“In adapting 16th-century old masters’ modes of representation and techniques, I explore how for example, the mixed heritage French-African women of the Island of Gorée in Senegal negotiated their identities during the 18th and 19th centuries,”explained Enwonwu, an artist and historian who is better known as an art advocate and as president of the Society of Nigerian Artists, the professional body for all practicing visual artists in Nigeria. “I celebrate the African woman in form and rhythm through jewelry, adornment, and apparel, drawing on historic narratives of black female defiance against cultural and political imperialism.”
Some of the works in the exhibition, housed at Omenka Gallery, Lagos, Nigeria, are a homage to his late father’s masquerade series, highlighting the spirituality and rhythmic movement of the dance of the masquerade, a performance that transcends time and space to rest on a sensory level of liberation.
“Oliver finds ways to imbue his imaginary sitters with a sense of identity, allowing their distinctive features, clothing and compelling posture to give the otherwise unknown character a clear sensibility. Oliver’s vivid portraits, depicted in stylish, colorful attire, imbue his subjects with a strong sense of regality, autonomy and self-assertiveness,” commented Hannah O’Leary, director/head of modern and contemporary African Art at Sotheby’s.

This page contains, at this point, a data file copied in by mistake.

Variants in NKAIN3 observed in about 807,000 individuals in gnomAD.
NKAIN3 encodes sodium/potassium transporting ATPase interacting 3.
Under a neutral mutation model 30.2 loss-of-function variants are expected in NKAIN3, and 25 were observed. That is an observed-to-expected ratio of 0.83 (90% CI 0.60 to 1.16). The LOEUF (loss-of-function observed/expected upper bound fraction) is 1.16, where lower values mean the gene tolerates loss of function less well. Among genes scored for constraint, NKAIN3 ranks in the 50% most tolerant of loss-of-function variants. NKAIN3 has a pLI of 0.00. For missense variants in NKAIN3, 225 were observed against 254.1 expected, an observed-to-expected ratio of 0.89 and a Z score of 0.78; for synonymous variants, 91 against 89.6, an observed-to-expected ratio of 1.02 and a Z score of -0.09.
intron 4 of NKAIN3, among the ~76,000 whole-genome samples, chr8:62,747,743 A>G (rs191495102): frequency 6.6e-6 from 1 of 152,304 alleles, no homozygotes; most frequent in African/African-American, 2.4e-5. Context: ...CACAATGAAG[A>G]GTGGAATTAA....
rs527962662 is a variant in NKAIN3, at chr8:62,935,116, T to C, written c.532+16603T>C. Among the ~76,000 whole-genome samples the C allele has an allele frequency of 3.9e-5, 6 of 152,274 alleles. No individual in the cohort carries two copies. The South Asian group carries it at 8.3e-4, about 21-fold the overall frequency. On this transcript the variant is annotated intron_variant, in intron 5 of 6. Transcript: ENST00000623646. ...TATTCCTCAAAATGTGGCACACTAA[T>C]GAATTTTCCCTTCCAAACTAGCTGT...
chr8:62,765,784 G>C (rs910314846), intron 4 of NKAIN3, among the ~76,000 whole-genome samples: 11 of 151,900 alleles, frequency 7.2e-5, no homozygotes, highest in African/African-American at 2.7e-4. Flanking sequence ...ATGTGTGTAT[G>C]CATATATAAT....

Enwonwu holds a master’s degree in visual arts with distinction from the University of Lagos, Nigeria and is currently working towards his Ph.D. in African art history at the University of Benin. He comes from a long line of remarkable artists, including his grandfather, a reputable traditional sculptor, and his father Ben Enwonwu, widely known and celebrated as Africa’s most celebrated pioneer modernist. He has participated in over 15 exhibitions, spoken about the global art market at global conferences, and has been featured in international media including the BBC, Arise TV, The Daily Times and Vanguard.
Politics of Representation is open to the public until Oct. 10, 2021.
Simon Njami Exhibits IM-POSSIBILITY at Buyaphi University, Soweto, South Africa
IM-POSSIBILITY is an international tour of happenings and art, a traveling exhibition of sorts that will take place around the world between September and November 2021.